Advisors to the Centers for Disease Control and Prevention (CDC) recommended on Wednesday that all U.S. adults younger than age 60 get vaccinated against hepatitis B.
Under the new policy, tens of millions of adults in the 30-to-59 age range could get their shots, protecting them against this potentially chronic liver disease.
The new recommendation aims to prevent infection among middle-aged adults with hepatitis B increasingly impacting people in their 40s and 50s in recent years.
‘We cannot eliminate hepatitis B in the U.S. without a new approach,’ said CDC scientist Dr Mark Weng.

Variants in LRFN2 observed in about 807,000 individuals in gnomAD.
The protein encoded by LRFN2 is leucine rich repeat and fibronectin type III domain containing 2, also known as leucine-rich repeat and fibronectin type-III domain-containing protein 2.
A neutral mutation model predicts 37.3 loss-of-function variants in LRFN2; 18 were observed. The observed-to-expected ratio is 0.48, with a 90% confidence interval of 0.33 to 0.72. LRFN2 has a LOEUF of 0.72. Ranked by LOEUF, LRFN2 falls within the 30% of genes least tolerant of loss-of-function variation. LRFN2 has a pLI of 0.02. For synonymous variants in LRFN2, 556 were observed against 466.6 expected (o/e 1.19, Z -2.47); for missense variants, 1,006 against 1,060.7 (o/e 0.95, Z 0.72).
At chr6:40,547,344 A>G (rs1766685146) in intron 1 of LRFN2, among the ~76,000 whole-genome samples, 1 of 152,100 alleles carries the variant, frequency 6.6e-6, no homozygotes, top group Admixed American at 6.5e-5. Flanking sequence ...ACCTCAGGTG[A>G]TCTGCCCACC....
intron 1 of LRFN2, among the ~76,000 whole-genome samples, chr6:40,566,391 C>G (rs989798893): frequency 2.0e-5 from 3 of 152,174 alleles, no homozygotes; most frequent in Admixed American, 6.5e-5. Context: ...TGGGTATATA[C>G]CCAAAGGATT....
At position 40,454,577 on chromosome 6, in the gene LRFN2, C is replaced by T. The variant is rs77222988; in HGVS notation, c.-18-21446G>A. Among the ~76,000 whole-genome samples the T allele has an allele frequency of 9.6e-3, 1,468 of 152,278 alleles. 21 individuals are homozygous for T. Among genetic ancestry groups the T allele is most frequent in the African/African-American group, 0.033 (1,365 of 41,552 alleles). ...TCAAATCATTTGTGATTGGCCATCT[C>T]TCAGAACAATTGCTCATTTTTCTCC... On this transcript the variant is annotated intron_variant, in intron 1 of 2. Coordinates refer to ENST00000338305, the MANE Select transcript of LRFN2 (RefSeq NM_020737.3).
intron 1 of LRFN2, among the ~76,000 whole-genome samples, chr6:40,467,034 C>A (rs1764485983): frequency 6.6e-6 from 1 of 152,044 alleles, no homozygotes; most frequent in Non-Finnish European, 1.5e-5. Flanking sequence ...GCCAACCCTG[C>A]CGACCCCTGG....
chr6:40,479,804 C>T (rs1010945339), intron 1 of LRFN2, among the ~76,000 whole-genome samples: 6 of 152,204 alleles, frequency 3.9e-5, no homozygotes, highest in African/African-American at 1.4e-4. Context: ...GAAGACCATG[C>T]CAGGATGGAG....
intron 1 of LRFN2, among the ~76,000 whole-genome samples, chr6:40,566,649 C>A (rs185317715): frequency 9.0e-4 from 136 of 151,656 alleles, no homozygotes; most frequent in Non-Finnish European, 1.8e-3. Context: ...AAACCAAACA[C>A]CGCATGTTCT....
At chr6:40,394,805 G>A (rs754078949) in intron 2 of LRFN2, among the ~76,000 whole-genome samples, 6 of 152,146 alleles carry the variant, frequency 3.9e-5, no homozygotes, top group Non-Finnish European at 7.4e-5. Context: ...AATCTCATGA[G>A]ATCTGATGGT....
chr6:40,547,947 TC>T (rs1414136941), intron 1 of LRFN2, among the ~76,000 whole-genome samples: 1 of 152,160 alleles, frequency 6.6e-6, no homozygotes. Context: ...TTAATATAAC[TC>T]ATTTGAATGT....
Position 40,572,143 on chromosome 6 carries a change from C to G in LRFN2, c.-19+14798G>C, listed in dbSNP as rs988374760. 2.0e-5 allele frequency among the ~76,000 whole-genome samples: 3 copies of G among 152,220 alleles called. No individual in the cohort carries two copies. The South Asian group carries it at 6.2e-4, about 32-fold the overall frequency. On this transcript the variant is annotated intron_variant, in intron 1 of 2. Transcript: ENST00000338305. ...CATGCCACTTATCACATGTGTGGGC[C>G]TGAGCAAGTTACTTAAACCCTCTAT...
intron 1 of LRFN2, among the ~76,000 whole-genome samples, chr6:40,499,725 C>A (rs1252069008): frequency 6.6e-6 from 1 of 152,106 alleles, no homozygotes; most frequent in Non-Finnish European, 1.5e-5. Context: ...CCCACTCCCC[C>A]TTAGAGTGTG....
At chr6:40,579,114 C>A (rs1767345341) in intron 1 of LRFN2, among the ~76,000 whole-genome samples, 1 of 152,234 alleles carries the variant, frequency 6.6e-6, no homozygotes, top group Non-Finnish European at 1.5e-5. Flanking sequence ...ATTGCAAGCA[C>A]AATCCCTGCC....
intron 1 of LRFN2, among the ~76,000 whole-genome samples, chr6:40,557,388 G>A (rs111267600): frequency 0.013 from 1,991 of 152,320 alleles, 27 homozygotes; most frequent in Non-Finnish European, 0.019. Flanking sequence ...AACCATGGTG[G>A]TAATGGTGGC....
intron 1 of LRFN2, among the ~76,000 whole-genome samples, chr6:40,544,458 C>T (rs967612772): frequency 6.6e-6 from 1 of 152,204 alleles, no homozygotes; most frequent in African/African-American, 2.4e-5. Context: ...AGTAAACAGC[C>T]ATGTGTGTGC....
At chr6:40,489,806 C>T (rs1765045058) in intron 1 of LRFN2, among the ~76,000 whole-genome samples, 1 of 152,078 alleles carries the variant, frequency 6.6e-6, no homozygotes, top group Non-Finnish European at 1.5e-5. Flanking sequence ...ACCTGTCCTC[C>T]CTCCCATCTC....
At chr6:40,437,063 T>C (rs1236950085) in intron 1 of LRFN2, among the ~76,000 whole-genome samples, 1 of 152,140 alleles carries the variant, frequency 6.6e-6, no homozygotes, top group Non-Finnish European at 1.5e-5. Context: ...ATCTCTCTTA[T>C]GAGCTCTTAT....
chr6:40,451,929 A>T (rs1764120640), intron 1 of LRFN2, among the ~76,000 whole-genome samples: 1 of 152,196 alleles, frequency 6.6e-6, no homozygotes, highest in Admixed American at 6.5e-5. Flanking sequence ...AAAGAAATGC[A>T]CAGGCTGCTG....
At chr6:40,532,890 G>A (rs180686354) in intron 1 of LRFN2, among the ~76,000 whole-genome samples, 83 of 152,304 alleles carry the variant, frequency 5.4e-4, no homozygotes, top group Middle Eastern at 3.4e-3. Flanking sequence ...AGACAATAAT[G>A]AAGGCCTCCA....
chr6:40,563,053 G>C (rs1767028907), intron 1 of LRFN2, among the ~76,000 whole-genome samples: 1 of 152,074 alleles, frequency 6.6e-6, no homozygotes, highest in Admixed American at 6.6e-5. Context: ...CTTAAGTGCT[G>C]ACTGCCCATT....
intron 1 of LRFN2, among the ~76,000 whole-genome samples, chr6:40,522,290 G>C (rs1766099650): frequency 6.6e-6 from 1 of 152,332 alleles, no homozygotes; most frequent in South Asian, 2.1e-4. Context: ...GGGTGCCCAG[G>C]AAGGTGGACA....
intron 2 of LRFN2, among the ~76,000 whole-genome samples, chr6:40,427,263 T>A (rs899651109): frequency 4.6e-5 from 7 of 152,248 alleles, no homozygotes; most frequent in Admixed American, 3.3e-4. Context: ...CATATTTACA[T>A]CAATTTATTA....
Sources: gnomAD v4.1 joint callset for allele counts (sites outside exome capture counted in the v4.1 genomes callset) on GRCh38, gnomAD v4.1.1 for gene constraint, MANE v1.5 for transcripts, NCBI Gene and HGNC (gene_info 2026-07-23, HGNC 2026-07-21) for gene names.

Hepatitis B is a liver infection that can spread from person to person through blood, semen, and other body fluids.
Adults commonly catch the disease through sexual contact and needle sharing, and infected mothers can pass the virus to their newborns.
Many recent cases have been linked to the opioid epidemic.
Common symptoms include fatigue, poor appetite, stomach pain, nausea, and abdominal pain, according to the CDC.
Symptoms vary by age. Infants and young children under age five generally tend not to show symptoms, while about one-third to one-half of older kids and adults are symptomatic.
Hepatitis B is a short-term disease for many who catch the virus, but it can become chronic – leading to long-term symptoms and potentially even liver cancer.